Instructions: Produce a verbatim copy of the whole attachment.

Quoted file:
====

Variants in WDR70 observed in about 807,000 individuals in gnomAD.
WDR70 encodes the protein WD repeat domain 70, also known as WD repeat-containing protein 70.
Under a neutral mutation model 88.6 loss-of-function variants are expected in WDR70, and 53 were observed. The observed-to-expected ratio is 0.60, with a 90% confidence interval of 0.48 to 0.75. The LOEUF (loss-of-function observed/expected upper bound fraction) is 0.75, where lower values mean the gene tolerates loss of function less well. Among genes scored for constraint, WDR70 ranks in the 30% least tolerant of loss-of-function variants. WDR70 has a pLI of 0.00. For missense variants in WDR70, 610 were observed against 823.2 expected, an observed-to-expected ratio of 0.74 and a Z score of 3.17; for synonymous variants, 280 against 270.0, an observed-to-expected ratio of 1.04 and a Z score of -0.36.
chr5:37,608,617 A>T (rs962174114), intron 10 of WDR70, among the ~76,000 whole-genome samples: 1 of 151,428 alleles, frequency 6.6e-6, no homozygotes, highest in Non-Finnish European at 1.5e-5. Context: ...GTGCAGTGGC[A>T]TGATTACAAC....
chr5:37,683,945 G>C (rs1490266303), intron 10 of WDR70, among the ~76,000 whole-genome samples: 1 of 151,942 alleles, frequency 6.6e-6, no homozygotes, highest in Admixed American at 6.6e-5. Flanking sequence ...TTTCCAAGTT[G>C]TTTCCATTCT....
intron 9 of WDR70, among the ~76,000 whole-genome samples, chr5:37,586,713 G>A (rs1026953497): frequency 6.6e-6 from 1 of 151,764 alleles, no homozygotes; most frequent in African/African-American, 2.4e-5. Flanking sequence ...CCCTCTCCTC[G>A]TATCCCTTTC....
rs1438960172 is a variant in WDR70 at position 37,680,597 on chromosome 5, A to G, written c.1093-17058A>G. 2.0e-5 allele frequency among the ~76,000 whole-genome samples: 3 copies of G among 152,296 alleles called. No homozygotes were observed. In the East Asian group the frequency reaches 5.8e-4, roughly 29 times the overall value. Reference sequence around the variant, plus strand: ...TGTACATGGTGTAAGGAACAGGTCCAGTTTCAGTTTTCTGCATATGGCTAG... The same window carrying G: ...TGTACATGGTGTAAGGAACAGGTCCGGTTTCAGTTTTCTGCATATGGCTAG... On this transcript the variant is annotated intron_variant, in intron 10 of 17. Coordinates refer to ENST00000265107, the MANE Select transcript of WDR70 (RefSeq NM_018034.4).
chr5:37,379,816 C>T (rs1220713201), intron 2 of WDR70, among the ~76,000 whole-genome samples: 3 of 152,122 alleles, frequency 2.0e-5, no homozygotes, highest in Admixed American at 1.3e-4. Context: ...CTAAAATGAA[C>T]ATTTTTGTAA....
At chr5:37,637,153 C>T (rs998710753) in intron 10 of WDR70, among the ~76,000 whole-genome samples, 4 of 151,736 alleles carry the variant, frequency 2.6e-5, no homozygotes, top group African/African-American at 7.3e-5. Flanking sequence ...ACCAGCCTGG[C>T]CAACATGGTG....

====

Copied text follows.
Variants in WDR70 observed in about 807,000 individuals in gnomAD.
WDR70 encodes the protein WD repeat domain 70, also known as WD repeat-containing protein 70.
Under a neutral mutation model 88.6 loss-of-function variants are expected in WDR70, and 53 were observed. The observed-to-expected ratio is 0.60, with a 90% confidence interval of 0.48 to 0.75. The LOEUF (loss-of-function observed/expected upper bound fraction) is 0.75, where lower values mean the gene tolerates loss of function less well. Among genes scored for constraint, WDR70 ranks in the 30% least tolerant of loss-of-function variants. WDR70 has a pLI of 0.00. For missense variants in WDR70, 610 were observed against 823.2 expected, an observed-to-expected ratio of 0.74 and a Z score of 3.17; for synonymous variants, 280 against 270.0, an observed-to-expected ratio of 1.04 and a Z score of -0.36.
chr5:37,608,617 A>T (rs962174114), intron 10 of WDR70, among the ~76,000 whole-genome samples: 1 of 151,428 alleles, frequency 6.6e-6, no homozygotes, highest in Non-Finnish European at 1.5e-5. Context: ...GTGCAGTGGC[A>T]TGATTACAAC....
chr5:37,683,945 G>C (rs1490266303), intron 10 of WDR70, among the ~76,000 whole-genome samples: 1 of 151,942 alleles, frequency 6.6e-6, no homozygotes, highest in Admixed American at 6.6e-5. Flanking sequence ...TTTCCAAGTT[G>C]TTTCCATTCT....
intron 9 of WDR70, among the ~76,000 whole-genome samples, chr5:37,586,713 G>A (rs1026953497): frequency 6.6e-6 from 1 of 151,764 alleles, no homozygotes; most frequent in African/African-American, 2.4e-5. Flanking sequence ...CCCTCTCCTC[G>A]TATCCCTTTC....
rs1438960172 is a variant in WDR70 at position 37,680,597 on chromosome 5, A to G, written c.1093-17058A>G. 2.0e-5 allele frequency among the ~76,000 whole-genome samples: 3 copies of G among 152,296 alleles called. No homozygotes were observed. In the East Asian group the frequency reaches 5.8e-4, roughly 29 times the overall value. Reference sequence around the variant, plus strand: ...TGTACATGGTGTAAGGAACAGGTCCAGTTTCAGTTTTCTGCATATGGCTAG... The same window carrying G: ...TGTACATGGTGTAAGGAACAGGTCCGGTTTCAGTTTTCTGCATATGGCTAG... On this transcript the variant is annotated intron_variant, in intron 10 of 17. Coordinates refer to ENST00000265107, the MANE Select transcript of WDR70 (RefSeq NM_018034.4).
chr5:37,379,816 C>T (rs1220713201), intron 2 of WDR70, among the ~76,000 whole-genome samples: 3 of 152,122 alleles, frequency 2.0e-5, no homozygotes, highest in Admixed American at 1.3e-4. Context: ...CTAAAATGAA[C>T]ATTTTTGTAA....
At chr5:37,637,153 C>T (rs998710753) in intron 10 of WDR70, among the ~76,000 whole-genome samples, 4 of 151,736 alleles carry the variant, frequency 2.6e-5, no homozygotes, top group African/African-American at 7.3e-5. Flanking sequence ...ACCAGCCTGG[C>T]CAACATGGTG....